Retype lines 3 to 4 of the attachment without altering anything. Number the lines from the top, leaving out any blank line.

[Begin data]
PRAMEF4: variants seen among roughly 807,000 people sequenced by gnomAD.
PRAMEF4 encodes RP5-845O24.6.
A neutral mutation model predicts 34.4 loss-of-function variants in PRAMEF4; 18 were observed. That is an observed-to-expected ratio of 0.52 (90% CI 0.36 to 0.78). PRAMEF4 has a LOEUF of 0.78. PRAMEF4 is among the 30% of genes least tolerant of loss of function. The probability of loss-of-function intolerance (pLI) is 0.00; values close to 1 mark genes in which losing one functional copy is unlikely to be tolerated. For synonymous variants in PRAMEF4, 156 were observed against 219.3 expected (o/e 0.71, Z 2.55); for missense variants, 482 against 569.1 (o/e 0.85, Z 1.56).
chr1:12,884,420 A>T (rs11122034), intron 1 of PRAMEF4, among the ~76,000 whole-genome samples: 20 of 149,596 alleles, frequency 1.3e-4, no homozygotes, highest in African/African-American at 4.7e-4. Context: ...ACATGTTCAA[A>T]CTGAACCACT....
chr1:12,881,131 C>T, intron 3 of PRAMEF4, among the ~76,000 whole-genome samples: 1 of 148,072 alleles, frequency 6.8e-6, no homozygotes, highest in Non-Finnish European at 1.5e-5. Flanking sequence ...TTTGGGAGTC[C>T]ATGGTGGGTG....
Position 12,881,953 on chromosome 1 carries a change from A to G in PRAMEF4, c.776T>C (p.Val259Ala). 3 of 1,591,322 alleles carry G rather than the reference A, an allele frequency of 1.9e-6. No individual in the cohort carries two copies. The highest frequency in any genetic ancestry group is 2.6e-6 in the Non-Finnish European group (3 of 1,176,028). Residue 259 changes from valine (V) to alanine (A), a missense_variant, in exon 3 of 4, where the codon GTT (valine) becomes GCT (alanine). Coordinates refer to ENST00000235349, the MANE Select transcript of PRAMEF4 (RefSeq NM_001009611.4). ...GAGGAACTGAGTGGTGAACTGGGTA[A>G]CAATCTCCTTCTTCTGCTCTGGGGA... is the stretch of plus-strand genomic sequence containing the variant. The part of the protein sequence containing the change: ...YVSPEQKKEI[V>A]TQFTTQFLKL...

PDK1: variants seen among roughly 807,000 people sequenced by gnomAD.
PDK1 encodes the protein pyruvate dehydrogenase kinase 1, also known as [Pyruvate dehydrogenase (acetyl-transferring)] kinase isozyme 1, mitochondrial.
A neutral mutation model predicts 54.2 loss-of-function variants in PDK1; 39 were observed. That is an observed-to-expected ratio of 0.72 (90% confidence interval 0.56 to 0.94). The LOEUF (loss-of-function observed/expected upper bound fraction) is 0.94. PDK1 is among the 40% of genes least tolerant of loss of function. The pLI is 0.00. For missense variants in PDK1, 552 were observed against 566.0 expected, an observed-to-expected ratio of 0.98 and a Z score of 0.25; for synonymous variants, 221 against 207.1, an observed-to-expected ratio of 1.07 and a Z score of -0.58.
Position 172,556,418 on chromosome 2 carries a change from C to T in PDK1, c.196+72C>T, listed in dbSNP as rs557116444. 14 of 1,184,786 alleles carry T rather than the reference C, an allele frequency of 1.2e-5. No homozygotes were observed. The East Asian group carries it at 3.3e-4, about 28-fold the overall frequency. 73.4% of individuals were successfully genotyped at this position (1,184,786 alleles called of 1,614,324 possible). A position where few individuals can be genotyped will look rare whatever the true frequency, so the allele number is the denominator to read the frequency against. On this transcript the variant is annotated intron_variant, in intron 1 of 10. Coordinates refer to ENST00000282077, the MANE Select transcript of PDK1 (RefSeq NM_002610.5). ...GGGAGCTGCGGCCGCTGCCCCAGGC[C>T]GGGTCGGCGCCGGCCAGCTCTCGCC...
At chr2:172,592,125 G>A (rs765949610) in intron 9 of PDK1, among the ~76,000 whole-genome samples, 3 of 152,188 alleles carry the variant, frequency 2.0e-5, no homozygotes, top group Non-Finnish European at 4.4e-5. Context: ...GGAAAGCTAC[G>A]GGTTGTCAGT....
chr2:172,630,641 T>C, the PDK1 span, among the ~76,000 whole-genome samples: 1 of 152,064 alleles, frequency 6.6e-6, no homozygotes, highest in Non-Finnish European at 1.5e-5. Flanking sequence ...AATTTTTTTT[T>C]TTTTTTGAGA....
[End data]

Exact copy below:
A neutral mutation model predicts 34.4 loss-of-function variants in PRAMEF4; 18 were observed. That is an observed-to-expected ratio of 0.52 (90% CI 0.36 to 0.78). PRAMEF4 has a LOEUF of 0.78. PRAMEF4 is among the 30% of genes least tolerant of loss of function. The probability of loss-of-function intolerance (pLI) is 0.00; values close to 1 mark genes in which losing one functional copy is unlikely to be tolerated. For synonymous variants in PRAMEF4, 156 were observed against 219.3 expected (o/e 0.71, Z 2.55); for missense variants, 482 against 569.1 (o/e 0.85, Z 1.56).
chr1:12,884,420 A>T (rs11122034), intron 1 of PRAMEF4, among the ~76,000 whole-genome samples: 20 of 149,596 alleles, frequency 1.3e-4, no homozygotes, highest in African/African-American at 4.7e-4. Context: ...ACATGTTCAA[A>T]CTGAACCACT....